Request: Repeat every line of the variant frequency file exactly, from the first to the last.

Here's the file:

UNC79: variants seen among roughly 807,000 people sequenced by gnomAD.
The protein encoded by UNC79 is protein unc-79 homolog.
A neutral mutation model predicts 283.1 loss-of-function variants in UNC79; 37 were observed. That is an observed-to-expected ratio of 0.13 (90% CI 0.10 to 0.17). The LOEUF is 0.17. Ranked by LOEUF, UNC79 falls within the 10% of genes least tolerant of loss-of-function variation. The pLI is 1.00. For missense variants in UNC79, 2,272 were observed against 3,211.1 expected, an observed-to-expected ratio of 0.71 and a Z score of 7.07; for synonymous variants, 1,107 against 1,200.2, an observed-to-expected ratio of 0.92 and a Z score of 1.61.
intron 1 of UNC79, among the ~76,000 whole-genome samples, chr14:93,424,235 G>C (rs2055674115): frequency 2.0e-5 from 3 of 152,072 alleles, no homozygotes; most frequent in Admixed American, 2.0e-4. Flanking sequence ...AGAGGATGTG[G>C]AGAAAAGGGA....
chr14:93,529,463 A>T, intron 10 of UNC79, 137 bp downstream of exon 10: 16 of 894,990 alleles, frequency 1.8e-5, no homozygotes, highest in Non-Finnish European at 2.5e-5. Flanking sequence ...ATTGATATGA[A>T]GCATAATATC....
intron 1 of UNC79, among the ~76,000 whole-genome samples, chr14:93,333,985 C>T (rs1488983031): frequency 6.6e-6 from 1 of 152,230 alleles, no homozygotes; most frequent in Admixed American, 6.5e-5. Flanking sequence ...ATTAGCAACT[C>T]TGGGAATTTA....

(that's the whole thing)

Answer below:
UNC79: variants seen among roughly 807,000 people sequenced by gnomAD.
The protein encoded by UNC79 is protein unc-79 homolog.
A neutral mutation model predicts 283.1 loss-of-function variants in UNC79; 37 were observed. That is an observed-to-expected ratio of 0.13 (90% CI 0.10 to 0.17). The LOEUF is 0.17. Ranked by LOEUF, UNC79 falls within the 10% of genes least tolerant of loss-of-function variation. The pLI is 1.00. For missense variants in UNC79, 2,272 were observed against 3,211.1 expected, an observed-to-expected ratio of 0.71 and a Z score of 7.07; for synonymous variants, 1,107 against 1,200.2, an observed-to-expected ratio of 0.92 and a Z score of 1.61.
intron 1 of UNC79, among the ~76,000 whole-genome samples, chr14:93,424,235 G>C (rs2055674115): frequency 2.0e-5 from 3 of 152,072 alleles, no homozygotes; most frequent in Admixed American, 2.0e-4. Flanking sequence ...AGAGGATGTG[G>C]AGAAAAGGGA....
chr14:93,529,463 A>T, intron 10 of UNC79, 137 bp downstream of exon 10: 16 of 894,990 alleles, frequency 1.8e-5, no homozygotes, highest in Non-Finnish European at 2.5e-5. Flanking sequence ...ATTGATATGA[A>T]GCATAATATC....
intron 1 of UNC79, among the ~76,000 whole-genome samples, chr14:93,333,985 C>T (rs1488983031): frequency 6.6e-6 from 1 of 152,230 alleles, no homozygotes; most frequent in Admixed American, 6.5e-5. Flanking sequence ...ATTAGCAACT[C>T]TGGGAATTTA....